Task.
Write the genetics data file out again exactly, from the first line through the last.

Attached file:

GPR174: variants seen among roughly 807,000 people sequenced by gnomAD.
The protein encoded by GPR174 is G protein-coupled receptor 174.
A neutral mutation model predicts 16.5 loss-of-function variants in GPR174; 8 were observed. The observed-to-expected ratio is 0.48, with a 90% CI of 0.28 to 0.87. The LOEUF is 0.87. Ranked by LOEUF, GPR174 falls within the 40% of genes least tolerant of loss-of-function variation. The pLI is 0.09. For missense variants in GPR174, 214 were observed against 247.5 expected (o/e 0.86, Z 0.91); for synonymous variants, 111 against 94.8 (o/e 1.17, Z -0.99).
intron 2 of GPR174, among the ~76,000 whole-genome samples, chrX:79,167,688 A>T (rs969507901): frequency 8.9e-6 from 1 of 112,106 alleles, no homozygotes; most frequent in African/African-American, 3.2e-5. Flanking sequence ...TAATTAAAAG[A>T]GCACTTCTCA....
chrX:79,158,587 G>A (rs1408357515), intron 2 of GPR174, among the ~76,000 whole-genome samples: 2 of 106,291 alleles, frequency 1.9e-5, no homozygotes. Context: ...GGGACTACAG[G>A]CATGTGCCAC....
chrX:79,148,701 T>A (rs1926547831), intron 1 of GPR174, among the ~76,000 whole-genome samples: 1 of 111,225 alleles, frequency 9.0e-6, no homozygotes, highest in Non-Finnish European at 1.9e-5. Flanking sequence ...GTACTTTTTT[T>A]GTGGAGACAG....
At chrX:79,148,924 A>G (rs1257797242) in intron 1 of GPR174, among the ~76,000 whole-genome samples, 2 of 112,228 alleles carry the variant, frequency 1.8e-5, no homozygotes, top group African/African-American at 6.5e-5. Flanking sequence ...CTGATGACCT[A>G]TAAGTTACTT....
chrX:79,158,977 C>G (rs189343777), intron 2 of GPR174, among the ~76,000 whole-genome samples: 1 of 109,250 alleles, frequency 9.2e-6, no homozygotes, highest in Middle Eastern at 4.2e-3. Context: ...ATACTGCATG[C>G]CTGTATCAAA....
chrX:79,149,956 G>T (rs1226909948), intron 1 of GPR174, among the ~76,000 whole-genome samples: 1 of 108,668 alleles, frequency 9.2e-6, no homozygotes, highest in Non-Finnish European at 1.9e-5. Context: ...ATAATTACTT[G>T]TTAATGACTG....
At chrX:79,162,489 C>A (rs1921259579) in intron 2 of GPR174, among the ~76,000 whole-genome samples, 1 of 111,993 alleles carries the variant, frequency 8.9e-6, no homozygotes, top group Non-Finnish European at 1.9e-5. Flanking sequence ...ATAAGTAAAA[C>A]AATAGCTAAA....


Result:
GPR174: variants seen among roughly 807,000 people sequenced by gnomAD.
The protein encoded by GPR174 is G protein-coupled receptor 174.
A neutral mutation model predicts 16.5 loss-of-function variants in GPR174; 8 were observed. The observed-to-expected ratio is 0.48, with a 90% CI of 0.28 to 0.87. The LOEUF is 0.87. Ranked by LOEUF, GPR174 falls within the 40% of genes least tolerant of loss-of-function variation. The pLI is 0.09. For missense variants in GPR174, 214 were observed against 247.5 expected (o/e 0.86, Z 0.91); for synonymous variants, 111 against 94.8 (o/e 1.17, Z -0.99).
intron 2 of GPR174, among the ~76,000 whole-genome samples, chrX:79,167,688 A>T (rs969507901): frequency 8.9e-6 from 1 of 112,106 alleles, no homozygotes; most frequent in African/African-American, 3.2e-5. Flanking sequence ...TAATTAAAAG[A>T]GCACTTCTCA....
chrX:79,158,587 G>A (rs1408357515), intron 2 of GPR174, among the ~76,000 whole-genome samples: 2 of 106,291 alleles, frequency 1.9e-5, no homozygotes. Context: ...GGGACTACAG[G>A]CATGTGCCAC....
chrX:79,148,701 T>A (rs1926547831), intron 1 of GPR174, among the ~76,000 whole-genome samples: 1 of 111,225 alleles, frequency 9.0e-6, no homozygotes, highest in Non-Finnish European at 1.9e-5. Flanking sequence ...GTACTTTTTT[T>A]GTGGAGACAG....
At chrX:79,148,924 A>G (rs1257797242) in intron 1 of GPR174, among the ~76,000 whole-genome samples, 2 of 112,228 alleles carry the variant, frequency 1.8e-5, no homozygotes, top group African/African-American at 6.5e-5. Flanking sequence ...CTGATGACCT[A>G]TAAGTTACTT....
chrX:79,158,977 C>G (rs189343777), intron 2 of GPR174, among the ~76,000 whole-genome samples: 1 of 109,250 alleles, frequency 9.2e-6, no homozygotes, highest in Middle Eastern at 4.2e-3. Context: ...ATACTGCATG[C>G]CTGTATCAAA....
chrX:79,149,956 G>T (rs1226909948), intron 1 of GPR174, among the ~76,000 whole-genome samples: 1 of 108,668 alleles, frequency 9.2e-6, no homozygotes, highest in Non-Finnish European at 1.9e-5. Context: ...ATAATTACTT[G>T]TTAATGACTG....
At chrX:79,162,489 C>A (rs1921259579) in intron 2 of GPR174, among the ~76,000 whole-genome samples, 1 of 111,993 alleles carries the variant, frequency 8.9e-6, no homozygotes, top group Non-Finnish European at 1.9e-5. Flanking sequence ...ATAAGTAAAA[C>A]AATAGCTAAA....